Stories, updates, insights, and original analysis from The Planetary Society.
The Curiosity team is touring Glen Torridon, the Valley of Clay, south of Vera Rubin Ridge, happily photographing everything and zapping rocks. It’s clearly a delight for the team to be in a place they’ve been hoping to reach for 7 years.
InSight has finally detected its first Marsquakes, but so far, none have been large enough to produce good science. Still, it’s great news that the seismometer is producing sensible data.
The Hayabusa2 team held a press briefing last week at LPSC to report newly published results on asteroid Ryugu.
I’m very pleased to announce the publication of the March Equinox issue of The Planetary Report: “Inside the Ice Giants.” The print issue shipped to members yesterday!
Emily Lakdawalla takes us on a tour of the spacecraft currently exploring from within our solar system. All planets and spacecraft locations are shown at their location for April 1st, 2019.
The HP3 mole started hammering itself today, and almost immediately (after just 5 minutes) appears to have encountered a rock. No matter; they'll try again Saturday.
The OSIRIS-REx team recently issued their first data release to the Planetary Data System. This release doesn’t include any closeup pictures of asteroid Bennu, but it does include all the pictures they took during their September 2017 Earth flyby.
InSight has placed its second science instrument on the ground and set it free. Now it's time to bury the heat probe in the soil.
InSight has gone two for two, placing the second of its instruments gently on the Martian ground.
A crescent view of MU69 reveals its bizarre shape. Let's look at lots of other fun-shaped space crescents.
Curiosity completed work at Vera Rubin Ridge with an easy drilling activity at Rock Hall. Now it has finally driven on to mineral-rick rocks that were seen from orbit, long before Curiosity arrived. The team plans a lengthy traverse of the clay-bearing unit.
InSight mission has successfully placed the wind and thermal shield over the seismometer. The seismometer will now be shielded from winds and kept warm over the cold Martian nights, so the quality of its data should dramatically increase.
Look up at space at night from a dark location and you can see innumerable stars. Why, then, do photos of so many things in space show black space, devoid of stars?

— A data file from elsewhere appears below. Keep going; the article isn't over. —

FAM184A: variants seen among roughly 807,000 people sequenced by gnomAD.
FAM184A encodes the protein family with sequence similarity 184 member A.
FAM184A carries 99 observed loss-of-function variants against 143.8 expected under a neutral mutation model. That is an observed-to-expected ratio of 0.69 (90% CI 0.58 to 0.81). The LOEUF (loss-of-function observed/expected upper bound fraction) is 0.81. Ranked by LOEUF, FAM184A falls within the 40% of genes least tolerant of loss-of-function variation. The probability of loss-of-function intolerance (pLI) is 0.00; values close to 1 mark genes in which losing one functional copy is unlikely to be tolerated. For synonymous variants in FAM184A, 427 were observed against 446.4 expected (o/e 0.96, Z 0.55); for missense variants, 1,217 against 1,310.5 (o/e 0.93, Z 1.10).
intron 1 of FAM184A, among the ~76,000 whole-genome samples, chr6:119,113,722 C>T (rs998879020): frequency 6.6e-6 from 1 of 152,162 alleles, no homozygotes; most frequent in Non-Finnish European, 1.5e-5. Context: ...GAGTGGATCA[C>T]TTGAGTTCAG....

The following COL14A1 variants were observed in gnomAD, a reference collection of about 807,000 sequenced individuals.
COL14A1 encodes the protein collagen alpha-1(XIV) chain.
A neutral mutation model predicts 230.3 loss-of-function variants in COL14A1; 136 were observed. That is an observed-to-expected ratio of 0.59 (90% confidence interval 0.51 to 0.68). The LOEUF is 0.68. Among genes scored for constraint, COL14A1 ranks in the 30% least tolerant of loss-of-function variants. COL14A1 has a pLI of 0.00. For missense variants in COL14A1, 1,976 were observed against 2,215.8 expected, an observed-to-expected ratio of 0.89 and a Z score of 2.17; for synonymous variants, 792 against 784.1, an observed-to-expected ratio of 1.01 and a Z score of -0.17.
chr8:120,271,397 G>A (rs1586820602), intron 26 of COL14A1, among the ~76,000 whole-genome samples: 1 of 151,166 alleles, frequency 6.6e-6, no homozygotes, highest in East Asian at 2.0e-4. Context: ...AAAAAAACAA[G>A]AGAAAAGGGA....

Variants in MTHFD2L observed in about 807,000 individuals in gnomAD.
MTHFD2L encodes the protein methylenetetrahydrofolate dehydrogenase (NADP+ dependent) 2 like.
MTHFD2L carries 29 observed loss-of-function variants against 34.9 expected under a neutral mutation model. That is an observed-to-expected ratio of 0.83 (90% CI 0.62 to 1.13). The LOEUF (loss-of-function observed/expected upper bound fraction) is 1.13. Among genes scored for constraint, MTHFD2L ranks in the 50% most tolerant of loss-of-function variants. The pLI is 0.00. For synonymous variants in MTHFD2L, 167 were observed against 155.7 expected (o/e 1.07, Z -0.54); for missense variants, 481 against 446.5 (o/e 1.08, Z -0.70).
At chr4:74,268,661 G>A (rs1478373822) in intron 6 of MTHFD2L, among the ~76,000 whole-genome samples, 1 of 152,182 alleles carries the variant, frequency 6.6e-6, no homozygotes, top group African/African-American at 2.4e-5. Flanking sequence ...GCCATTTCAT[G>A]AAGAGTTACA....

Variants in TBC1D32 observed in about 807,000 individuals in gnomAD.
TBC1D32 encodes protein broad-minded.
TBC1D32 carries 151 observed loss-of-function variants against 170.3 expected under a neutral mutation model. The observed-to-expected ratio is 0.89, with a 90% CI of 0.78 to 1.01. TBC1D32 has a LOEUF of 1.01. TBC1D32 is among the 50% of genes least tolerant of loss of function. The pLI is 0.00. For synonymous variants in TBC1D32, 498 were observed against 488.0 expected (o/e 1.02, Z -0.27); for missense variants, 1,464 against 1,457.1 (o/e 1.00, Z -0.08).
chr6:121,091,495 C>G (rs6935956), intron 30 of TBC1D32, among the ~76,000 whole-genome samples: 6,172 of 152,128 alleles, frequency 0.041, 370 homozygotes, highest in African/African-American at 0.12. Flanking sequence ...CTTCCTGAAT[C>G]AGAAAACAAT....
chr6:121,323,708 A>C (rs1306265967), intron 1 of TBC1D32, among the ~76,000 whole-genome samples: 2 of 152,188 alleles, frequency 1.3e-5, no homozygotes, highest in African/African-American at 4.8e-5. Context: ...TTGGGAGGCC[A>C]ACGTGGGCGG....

New Horizons is back in action after going quiet for a period of solar conjunction following the 1 January flyby of 2014 MU69 (informally nicknamed
Engineers have leveled the seismometer and made progress on adjusting the position of the tether so that it doesn't interfere for the experiment. Most significantly for the mission, they have balanced the Very Broad Band sensors -- 3 of SEIS’ 6 seismic sensors -- and confirmed that they are generating good data.
The latest images downlinked from New Horizons show MU69 to be a textbook example of a contact binary. How do contact binaries form? Updated with images released on 3 January.
New Horizons has
Today at 19:43 UTC, OSIRIS-REx entered orbit at asteroid Bennu. In so doing, it accomplished both the tightest orbit (at an altitude under 2 kilometers) and the orbit of the smallest object ever. UPDATE: Early science results from OSIRIS-REx discussed at New Horizons MU69 flyby event.
Unaffected by the shutdown of the U.S. government, New Horizons is still on course for its New Year’s encounter with 2014 MU69 (nicknamed “Ultima Thule”). This post collects the latest images from New Horizons' approach to the tiny Kuiper belt object and will be updated regularly.
It’s been a busy first three weeks on the InSight mission, and they’ve already achieved a major milestone: placing the seismometer on the ground. They've also gathered a self-portrait and 360-degree panorama.
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